The Evolution and Mechanism of Immunological Memory and its Impact on Immunology Research.
Recently, the Center for Disease and Control reported that it has discovered a super bug, a bacteria, that has the capability of resisting almost any antibiotic known to human. In addition to resisting antibiotics, these superbugs are deadly. Not only do the bugs cause death to half of the patients with serious infectious diseases, but they also spread their genes that make the bugs resistant to other bacteria cells (USA TODAY, 2013). This class of superbugs is known as carbapenem-resistant enterobacteriaceae (CRE). Currently, CRE are found mainly in hospitals and nursing homes. However, if these bacteria escape into the environment, the results can be devastating. For instance, the bacteria may cause small diseases, such as the common cold, to become untreatable because the CRE alters the small disease genetics in a way where it is resistant to vaccination and other medicines (USA TODAY, 2013). Although this type of bacteria is new and deadly, it is not the first time that the world has encountered something similar to CRE. For instance, Staphylococcus aureus is one of the well-known examples of bacteria that are resistant to antibiotics. One reason doctors use antibiotics is because bacteria are often resistant to the immune system of a body. The resistance of bacteria to the immune system is due to natural selection and genetic mutation. Because bacteria reproduce at a rapid rate, some bacteria that contain the adaptive, resistant traits survive and reproduce offspring that contains the resistant genes. They produce immune-resistant genes through genetic mutation. The alteration made by the genetic mutation can create a trait that is resistant to the immune system. As a result, the genetically mutated bacteria will be able to reproduce without interference from the host’s defense system. As a powerful tool that the body uses to protect itself from pathogens and bacteria, the immune system consist of several parts, and the immunological memory is one of the most important. Understanding the evolution and the mechanism of both the immune system and immunological memory, new research areas can be developed and new vaccines can be created that target the immune systems of pathogens or that alter the immune system to make it more efficient in combating pathogens. Evolution of the innate immune system and the innate memory Organisms of the same species’ innate memory are almost the same. This memory comes from millions of years of evolution (Sompayrac, 2008). The immunological innate memory is based on pattern recognition receptors. Pattern recognition receptors are the main components that allow the innate immune system to recognize the pathogens and activate antigens (Kurtz, 2004). These receptors have gone through millions of years of evolution. One of the main receptors is the Toll-like receptors (TLRs) (Sompayrac, 2008). Instead of studying the body’s defense to pathogens, current research investigate the evolution of the innate immune system through observing the examples of specific receptors in simple organisms. Wu and Huan (2011) are studying the Toll/interleukin-1 receptor (TIR) and the leucine-rich repeat (LRR), which are the two domains that make up the TLR. TIR and LRR are connected by a transmembrane helical starch that is 20 amino acids long. TIR plays an important role in activating the innate immune system by detecting lipopolysaccharide from gram-negative bacteria. The interaction between the receptors of both the innate immune system and bacteria is handled by LRR.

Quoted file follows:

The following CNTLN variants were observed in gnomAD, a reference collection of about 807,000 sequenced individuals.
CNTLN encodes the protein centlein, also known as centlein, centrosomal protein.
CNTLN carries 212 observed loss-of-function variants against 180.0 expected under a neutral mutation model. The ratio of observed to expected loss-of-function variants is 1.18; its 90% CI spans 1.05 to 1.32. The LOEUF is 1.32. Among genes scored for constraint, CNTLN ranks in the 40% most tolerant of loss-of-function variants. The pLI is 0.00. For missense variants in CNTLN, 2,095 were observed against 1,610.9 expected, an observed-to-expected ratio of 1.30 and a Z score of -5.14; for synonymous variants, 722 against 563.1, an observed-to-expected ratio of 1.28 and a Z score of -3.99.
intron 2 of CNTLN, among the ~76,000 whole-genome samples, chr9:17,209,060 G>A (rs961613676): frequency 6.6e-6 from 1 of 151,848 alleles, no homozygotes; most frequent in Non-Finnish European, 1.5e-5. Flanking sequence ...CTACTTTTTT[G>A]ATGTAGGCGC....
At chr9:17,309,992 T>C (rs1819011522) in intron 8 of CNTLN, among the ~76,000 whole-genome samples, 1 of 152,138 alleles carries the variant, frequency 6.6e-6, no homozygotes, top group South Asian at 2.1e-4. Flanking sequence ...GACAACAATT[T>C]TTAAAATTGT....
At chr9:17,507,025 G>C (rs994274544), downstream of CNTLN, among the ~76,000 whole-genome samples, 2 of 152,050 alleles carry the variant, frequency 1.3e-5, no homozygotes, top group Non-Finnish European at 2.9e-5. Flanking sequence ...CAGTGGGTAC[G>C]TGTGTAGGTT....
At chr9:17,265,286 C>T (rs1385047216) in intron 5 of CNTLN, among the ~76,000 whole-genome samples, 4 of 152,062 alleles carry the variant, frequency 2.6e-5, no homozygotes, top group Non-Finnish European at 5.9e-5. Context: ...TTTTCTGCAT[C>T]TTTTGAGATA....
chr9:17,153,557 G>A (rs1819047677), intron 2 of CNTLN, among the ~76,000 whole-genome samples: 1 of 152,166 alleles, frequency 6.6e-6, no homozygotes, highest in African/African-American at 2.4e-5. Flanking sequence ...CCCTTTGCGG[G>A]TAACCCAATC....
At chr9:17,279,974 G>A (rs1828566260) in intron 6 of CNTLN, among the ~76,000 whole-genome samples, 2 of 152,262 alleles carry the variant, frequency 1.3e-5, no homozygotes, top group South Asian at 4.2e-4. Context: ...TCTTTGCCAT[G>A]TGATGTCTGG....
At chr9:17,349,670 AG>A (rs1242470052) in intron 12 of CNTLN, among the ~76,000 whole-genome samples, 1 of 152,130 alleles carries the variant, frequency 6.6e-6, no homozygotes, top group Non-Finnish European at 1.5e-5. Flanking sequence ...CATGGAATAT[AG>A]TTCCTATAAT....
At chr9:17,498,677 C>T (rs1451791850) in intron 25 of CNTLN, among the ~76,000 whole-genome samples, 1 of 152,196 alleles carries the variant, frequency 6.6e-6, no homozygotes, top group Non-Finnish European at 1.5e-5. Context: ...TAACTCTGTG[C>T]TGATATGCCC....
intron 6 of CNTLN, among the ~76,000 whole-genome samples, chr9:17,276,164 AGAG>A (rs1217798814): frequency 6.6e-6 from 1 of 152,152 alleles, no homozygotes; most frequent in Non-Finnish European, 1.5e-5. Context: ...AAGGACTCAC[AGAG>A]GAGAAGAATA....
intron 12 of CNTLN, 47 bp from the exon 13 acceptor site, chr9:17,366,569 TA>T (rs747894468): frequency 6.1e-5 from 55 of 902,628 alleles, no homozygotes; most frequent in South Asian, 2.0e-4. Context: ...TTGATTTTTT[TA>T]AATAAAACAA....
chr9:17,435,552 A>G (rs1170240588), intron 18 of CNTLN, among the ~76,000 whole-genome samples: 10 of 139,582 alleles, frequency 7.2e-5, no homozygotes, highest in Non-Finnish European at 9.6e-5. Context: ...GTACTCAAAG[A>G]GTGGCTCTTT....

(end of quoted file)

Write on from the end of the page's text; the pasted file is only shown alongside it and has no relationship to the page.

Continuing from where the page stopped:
Figure 1: Illustration of evolutionary tree of invertebrates. Amphimedon came before Cnidarians. (Wu and Huan 2011)
To understand the evolution of TLR, scientists have to discover when the TIR and LRP first appeared. One research conducted by Dr. Wu and coworkers (2011) attempted to create a phylogenetic tree of the TLR. After comparing the...
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